Have the established forms of party politics outlived their purpose in a democracy? Movements and lists promise more citizen participation. But not all of them survive, and not all of them are as democratic as they seem.
Many people find political parties old-fashioned, stuffy and corrupt. Movement, on the other hand, sounds fresh; it sounds like public participation, openness, and, well, movement. It is no wonder that such groups are shooting up all over the Western world and competing against established parties. France has Emmanuel Macron's La Republique en Marche and Austria now has the Austrian People's Party under Sebastian Kurz. In Italy, the Five Star Movement led by comedian Beppe Grillo has been in the news for a long time now, as has Spain's left-wing alliance Podemos.
Even US Democrat Hillary Clinton founded the Onward Together movement after her election defeat against Donald Trump. Like En Marche, it evokes the idea of a new beginning. The political scientist Carsten Koschmieder of the Free University of Berlin told Deutsche Welle that, "Those who are dissatisfied with the party system, are allergic to the word party. That is why new groups often do no call themselves a party." Lenz Jacobsen from Die Zeit, the German weekly newspaper, concluded that movements are attractive "because the term sounds innocent and unstoppable at the same time, as people gather together for a cause and not for the sake of power. Yes, movements have allegedly not been tainted by the necessities and ugliness of politics."
But just how innocent and democratic are these self-proclaimed movements really? In Austria, 30-year-old Foreign Minister Sebastian Kurz has tried to convert the traditional Austrian People's Party (ÖVP) into a movement in which he wields almost unlimited internal power. The new name already says everything about his role: Liste Sebastian Kurz - the new Volksspartei (The Sebastian Kurz Liste – the New People's Party). In the Austrian newspaper Kurier, the Austrian political scientist Fritz Plasser calls the new ÖVP a "hybrid party" in which "a traditional party organization is complemented by an open platform." Carsten Koschmieder concludes that "Kurz does not want more democracy in the party, but instead, less democracy."
The former Austrian chancellor Franz Vranitzky provided the newspaper Kurier with his explanation for his country. "The parties now barely play a role in the awareness and daily of life citizens." Now there are people like Sebastian Kurz who clearly distance themselves from their party. Apparently that goes down well.
In Germany, a conversion of the Christian Democrat Union's (CDU) and Christian Social Union's (CSU) alliance, which resembles the ÖVP ideologically, is unimaginable. Koschmieder finds that the party system in Germany as too stable for this. He believes, however, that the Social Democratic Party (SPD) "is turning into a people's movement for a short while under Martin Schulz." But "it will not work out in the long term," also because one cannot work around local party associations. In general, a movement would have a problem in the long run. "At first, people like a grass roots movement. But then the question arises of how something serious and concrete grows from it."
The Pirate Party Germany failed. Disappointment often begins when a movement enters parliament or must assume certain responsibilities. Then groups lacking professional and established structures have a hard time. Koschmieder thinks Emmanuel Macron's La Republique en Marche has a shot at success. But his people in the National Assembly will probably ask themselves at some point, "Am I here to say yes to what Macron has come up with, or is this a people's movement – a democracy?" There is potential for conflict.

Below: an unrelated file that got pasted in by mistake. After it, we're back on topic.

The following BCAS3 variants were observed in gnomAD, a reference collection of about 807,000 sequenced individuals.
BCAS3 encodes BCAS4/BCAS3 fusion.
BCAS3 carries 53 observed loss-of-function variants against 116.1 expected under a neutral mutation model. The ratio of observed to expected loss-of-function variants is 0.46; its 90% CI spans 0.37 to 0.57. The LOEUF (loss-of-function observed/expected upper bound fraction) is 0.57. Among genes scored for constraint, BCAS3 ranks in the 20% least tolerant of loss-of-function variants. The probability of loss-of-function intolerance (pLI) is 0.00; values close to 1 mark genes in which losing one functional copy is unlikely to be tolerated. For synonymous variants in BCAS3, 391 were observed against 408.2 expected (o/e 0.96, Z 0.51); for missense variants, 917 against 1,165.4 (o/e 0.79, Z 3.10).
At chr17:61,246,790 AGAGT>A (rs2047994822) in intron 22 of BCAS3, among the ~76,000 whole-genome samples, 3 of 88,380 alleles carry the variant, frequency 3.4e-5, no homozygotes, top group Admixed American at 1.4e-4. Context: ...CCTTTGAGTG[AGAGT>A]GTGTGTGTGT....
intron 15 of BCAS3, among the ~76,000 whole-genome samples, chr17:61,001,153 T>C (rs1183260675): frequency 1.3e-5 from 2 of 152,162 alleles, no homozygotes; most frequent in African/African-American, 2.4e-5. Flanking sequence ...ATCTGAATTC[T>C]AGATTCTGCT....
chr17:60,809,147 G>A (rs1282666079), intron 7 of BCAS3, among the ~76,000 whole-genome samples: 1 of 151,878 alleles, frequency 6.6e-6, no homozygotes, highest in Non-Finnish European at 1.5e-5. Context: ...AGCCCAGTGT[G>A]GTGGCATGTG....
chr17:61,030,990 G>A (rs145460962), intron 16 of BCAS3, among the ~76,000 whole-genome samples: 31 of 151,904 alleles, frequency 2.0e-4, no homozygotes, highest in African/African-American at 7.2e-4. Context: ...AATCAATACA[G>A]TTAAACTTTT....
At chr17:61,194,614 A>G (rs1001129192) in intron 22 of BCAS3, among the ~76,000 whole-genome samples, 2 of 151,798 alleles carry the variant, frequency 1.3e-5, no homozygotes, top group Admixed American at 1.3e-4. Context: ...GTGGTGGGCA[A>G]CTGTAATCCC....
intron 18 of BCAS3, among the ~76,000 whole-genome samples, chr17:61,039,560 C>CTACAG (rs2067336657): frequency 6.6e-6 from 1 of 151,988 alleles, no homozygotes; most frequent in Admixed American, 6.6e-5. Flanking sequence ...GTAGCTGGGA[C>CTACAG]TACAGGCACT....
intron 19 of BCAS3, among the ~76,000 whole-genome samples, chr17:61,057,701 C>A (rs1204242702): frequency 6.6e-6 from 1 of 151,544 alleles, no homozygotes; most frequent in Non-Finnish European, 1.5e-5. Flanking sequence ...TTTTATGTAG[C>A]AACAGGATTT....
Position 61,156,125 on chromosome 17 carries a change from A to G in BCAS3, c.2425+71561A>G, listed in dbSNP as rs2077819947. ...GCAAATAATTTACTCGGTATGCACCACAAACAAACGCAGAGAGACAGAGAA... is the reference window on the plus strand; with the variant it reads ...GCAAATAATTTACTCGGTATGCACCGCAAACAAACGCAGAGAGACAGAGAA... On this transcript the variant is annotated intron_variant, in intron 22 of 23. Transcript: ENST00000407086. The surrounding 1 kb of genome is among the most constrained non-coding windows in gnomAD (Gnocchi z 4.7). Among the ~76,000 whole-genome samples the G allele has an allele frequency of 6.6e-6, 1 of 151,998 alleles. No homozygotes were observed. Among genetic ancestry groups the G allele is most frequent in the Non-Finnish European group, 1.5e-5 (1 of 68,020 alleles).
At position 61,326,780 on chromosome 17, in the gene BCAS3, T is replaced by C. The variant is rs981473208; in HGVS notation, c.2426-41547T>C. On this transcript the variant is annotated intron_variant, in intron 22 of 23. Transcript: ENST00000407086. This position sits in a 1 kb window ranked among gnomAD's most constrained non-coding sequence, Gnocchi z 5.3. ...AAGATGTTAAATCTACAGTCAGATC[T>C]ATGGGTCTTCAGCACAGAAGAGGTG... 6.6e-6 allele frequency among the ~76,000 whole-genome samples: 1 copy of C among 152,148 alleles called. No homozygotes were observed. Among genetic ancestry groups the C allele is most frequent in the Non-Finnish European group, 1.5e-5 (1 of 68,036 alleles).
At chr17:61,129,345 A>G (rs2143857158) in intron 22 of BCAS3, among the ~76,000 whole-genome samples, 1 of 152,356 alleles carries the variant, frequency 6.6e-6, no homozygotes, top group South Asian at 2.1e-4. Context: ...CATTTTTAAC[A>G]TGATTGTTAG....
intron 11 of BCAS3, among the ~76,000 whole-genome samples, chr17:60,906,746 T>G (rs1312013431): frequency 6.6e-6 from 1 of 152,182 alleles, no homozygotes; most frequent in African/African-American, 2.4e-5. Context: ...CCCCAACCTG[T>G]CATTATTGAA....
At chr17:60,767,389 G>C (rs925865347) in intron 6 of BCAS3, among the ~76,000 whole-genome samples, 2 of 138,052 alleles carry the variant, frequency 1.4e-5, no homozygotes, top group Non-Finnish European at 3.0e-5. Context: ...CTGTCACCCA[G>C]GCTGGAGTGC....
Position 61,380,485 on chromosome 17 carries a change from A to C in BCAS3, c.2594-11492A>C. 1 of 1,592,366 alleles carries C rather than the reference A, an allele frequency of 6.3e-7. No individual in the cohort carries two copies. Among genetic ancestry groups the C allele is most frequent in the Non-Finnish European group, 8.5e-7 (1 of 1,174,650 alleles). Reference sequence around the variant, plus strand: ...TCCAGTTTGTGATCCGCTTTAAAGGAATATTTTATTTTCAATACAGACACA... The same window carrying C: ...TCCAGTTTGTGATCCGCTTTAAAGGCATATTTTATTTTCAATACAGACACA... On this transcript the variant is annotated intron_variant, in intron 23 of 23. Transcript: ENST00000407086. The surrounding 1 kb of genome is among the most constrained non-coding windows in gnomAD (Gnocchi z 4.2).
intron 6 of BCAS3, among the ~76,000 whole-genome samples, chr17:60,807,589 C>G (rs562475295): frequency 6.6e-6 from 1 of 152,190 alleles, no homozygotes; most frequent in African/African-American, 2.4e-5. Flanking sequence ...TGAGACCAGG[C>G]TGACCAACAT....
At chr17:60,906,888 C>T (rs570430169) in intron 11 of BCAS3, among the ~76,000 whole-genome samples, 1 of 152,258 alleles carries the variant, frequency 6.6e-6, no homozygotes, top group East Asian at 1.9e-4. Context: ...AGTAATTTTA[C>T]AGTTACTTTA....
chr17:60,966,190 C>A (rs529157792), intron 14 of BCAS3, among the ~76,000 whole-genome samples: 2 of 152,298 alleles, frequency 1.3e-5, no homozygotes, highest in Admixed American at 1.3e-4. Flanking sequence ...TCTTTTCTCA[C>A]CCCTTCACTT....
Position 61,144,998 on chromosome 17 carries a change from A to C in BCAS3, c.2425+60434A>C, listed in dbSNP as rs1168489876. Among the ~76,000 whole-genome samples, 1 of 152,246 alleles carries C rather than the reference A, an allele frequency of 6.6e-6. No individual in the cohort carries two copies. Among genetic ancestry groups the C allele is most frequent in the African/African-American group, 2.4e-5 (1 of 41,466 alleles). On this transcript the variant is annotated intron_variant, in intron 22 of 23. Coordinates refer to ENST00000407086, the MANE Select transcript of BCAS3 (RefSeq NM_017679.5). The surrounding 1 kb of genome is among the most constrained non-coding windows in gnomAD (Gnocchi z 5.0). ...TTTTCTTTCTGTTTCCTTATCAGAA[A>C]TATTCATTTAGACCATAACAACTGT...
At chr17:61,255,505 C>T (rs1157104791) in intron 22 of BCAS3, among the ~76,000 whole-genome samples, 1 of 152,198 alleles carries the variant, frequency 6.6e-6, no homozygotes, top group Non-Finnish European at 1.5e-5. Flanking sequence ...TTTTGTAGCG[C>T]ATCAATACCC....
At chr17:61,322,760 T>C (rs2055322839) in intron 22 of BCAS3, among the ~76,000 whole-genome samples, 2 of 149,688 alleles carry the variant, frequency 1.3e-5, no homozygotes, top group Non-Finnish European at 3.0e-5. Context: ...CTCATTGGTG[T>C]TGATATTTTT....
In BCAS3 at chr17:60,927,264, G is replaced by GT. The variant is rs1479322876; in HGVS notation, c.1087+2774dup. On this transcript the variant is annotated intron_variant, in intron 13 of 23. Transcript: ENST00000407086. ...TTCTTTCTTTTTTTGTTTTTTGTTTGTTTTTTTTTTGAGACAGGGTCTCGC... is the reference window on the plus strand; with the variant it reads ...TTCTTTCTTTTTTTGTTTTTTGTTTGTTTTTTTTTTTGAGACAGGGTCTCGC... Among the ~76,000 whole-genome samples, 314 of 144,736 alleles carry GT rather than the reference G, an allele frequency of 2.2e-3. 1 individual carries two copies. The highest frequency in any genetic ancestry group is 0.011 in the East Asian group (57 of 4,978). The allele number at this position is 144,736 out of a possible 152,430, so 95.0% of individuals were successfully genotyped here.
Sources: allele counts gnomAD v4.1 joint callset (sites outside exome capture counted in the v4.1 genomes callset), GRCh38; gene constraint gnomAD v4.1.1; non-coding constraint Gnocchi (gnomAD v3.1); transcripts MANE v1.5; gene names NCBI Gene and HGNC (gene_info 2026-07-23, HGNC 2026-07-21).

Learning from movements
It is no wonder that former Austrian Chancellor Franz Vranitzky has not given up on the standard party system. In Kurier he advises, "Do not throw away the parties and do not cling to people. Modernize the party so that it can keep up with the globalized world." Koschmieder believes, however, that the established parties can learn from the movements, for example "that one has to more actively involve not only the population, but also individual members."
Nevertheless, one would be making a fatal error by copying the movements because "the movements are popular among the people, but they do not work." In Die Zeit, Lenz Jacobson also comes to the conclusion that the long path of political decision-making in parties is necessary. "It takes a long time, and it often polishes interesting positions but also keeps special people in a modest position. Yet the process is valuable in itself because it involves people in politics and does not just impose decisions on them."
Germany's Pirate Party can tell us a thing or two about how quickly a movement can come to an end. In Austria, however, there was a party that was converted into movement – at least in name – and then a reconverted. In 1995, the former leader of the Freedom Party (FPÖ) Jörg Haider changed the party name to F Bewegung (F movement), even though it formally remained a party in order to keep state funding for political parties.
But very few followers joined the movement. At the end of 1996, the FPÖ returned to its normal party status and has remained that way since then. And yet, it is still worth trying out a movement today. Until recently, the FPÖ was the strongest party in Austria in the polls. Shortly after the ÖVP's conversion, it overtook FPÖ. The question remains whether Kurz's movement is just a phase like the one the FPÖ once went through.